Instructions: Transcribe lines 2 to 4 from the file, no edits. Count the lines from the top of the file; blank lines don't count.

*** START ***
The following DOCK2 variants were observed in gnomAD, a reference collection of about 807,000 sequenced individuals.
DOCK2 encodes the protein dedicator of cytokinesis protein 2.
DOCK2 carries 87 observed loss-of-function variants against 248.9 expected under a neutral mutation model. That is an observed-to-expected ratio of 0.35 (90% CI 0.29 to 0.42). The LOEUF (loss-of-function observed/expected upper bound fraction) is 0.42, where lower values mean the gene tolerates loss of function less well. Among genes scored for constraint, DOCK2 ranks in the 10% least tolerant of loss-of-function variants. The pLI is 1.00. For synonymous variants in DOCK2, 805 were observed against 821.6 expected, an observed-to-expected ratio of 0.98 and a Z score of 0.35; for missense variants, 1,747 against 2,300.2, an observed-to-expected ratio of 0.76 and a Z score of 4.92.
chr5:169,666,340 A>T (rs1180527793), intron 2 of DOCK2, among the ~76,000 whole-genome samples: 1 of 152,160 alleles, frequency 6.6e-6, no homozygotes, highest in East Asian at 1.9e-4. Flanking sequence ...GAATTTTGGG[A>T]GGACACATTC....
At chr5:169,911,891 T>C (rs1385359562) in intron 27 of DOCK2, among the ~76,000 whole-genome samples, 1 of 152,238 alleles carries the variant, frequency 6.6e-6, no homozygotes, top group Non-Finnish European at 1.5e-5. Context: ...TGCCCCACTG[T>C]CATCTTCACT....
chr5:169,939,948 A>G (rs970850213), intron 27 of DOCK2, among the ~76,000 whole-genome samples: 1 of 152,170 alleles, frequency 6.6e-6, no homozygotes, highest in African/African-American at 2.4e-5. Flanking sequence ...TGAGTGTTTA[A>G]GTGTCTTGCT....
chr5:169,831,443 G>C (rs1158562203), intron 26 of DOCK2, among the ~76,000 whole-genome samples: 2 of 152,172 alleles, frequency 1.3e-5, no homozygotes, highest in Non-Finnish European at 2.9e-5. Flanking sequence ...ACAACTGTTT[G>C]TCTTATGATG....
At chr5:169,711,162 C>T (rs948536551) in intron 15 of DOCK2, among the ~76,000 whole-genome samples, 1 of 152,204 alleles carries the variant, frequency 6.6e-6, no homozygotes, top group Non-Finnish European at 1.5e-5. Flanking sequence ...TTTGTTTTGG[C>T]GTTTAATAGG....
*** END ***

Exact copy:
DOCK2 encodes the protein dedicator of cytokinesis protein 2.
DOCK2 carries 87 observed loss-of-function variants against 248.9 expected under a neutral mutation model. That is an observed-to-expected ratio of 0.35 (90% CI 0.29 to 0.42). The LOEUF (loss-of-function observed/expected upper bound fraction) is 0.42, where lower values mean the gene tolerates loss of function less well. Among genes scored for constraint, DOCK2 ranks in the 10% least tolerant of loss-of-function variants. The pLI is 1.00. For synonymous variants in DOCK2, 805 were observed against 821.6 expected, an observed-to-expected ratio of 0.98 and a Z score of 0.35; for missense variants, 1,747 against 2,300.2, an observed-to-expected ratio of 0.76 and a Z score of 4.92.
chr5:169,666,340 A>T (rs1180527793), intron 2 of DOCK2, among the ~76,000 whole-genome samples: 1 of 152,160 alleles, frequency 6.6e-6, no homozygotes, highest in East Asian at 1.9e-4. Flanking sequence ...GAATTTTGGG[A>T]GGACACATTC....